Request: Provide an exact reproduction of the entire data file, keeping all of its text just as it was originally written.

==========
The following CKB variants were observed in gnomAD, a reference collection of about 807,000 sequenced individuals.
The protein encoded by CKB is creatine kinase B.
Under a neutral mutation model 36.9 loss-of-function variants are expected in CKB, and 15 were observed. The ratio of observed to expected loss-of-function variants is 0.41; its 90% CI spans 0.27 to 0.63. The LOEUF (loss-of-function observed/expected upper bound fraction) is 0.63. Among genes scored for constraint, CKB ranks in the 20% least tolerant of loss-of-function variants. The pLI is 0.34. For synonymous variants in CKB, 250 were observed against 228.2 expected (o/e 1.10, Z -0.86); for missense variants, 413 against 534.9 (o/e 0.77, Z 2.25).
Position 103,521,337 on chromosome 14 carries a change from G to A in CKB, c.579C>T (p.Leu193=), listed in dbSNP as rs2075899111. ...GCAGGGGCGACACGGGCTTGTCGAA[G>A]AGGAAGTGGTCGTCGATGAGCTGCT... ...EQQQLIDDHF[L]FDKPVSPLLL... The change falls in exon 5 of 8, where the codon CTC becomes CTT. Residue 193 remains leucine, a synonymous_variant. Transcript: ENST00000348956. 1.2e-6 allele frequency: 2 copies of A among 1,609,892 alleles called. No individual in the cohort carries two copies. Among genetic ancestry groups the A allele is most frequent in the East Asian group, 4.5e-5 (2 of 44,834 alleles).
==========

The following CKB variants were observed in gnomAD, a reference collection of about 807,000 sequenced individuals.
The protein encoded by CKB is creatine kinase B.
Under a neutral mutation model 36.9 loss-of-function variants are expected in CKB, and 15 were observed. The ratio of observed to expected loss-of-function variants is 0.41; its 90% CI spans 0.27 to 0.63. The LOEUF (loss-of-function observed/expected upper bound fraction) is 0.63. Among genes scored for constraint, CKB ranks in the 20% least tolerant of loss-of-function variants. The pLI is 0.34. For synonymous variants in CKB, 250 were observed against 228.2 expected (o/e 1.10, Z -0.86); for missense variants, 413 against 534.9 (o/e 0.77, Z 2.25).
Position 103,521,337 on chromosome 14 carries a change from G to A in CKB, c.579C>T (p.Leu193=), listed in dbSNP as rs2075899111. ...GCAGGGGCGACACGGGCTTGTCGAA[G>A]AGGAAGTGGTCGTCGATGAGCTGCT... ...EQQQLIDDHF[L]FDKPVSPLLL... The change falls in exon 5 of 8, where the codon CTC becomes CTT. Residue 193 remains leucine, a synonymous_variant. Transcript: ENST00000348956. 1.2e-6 allele frequency: 2 copies of A among 1,609,892 alleles called. No individual in the cohort carries two copies. Among genetic ancestry groups the A allele is most frequent in the East Asian group, 4.5e-5 (2 of 44,834 alleles).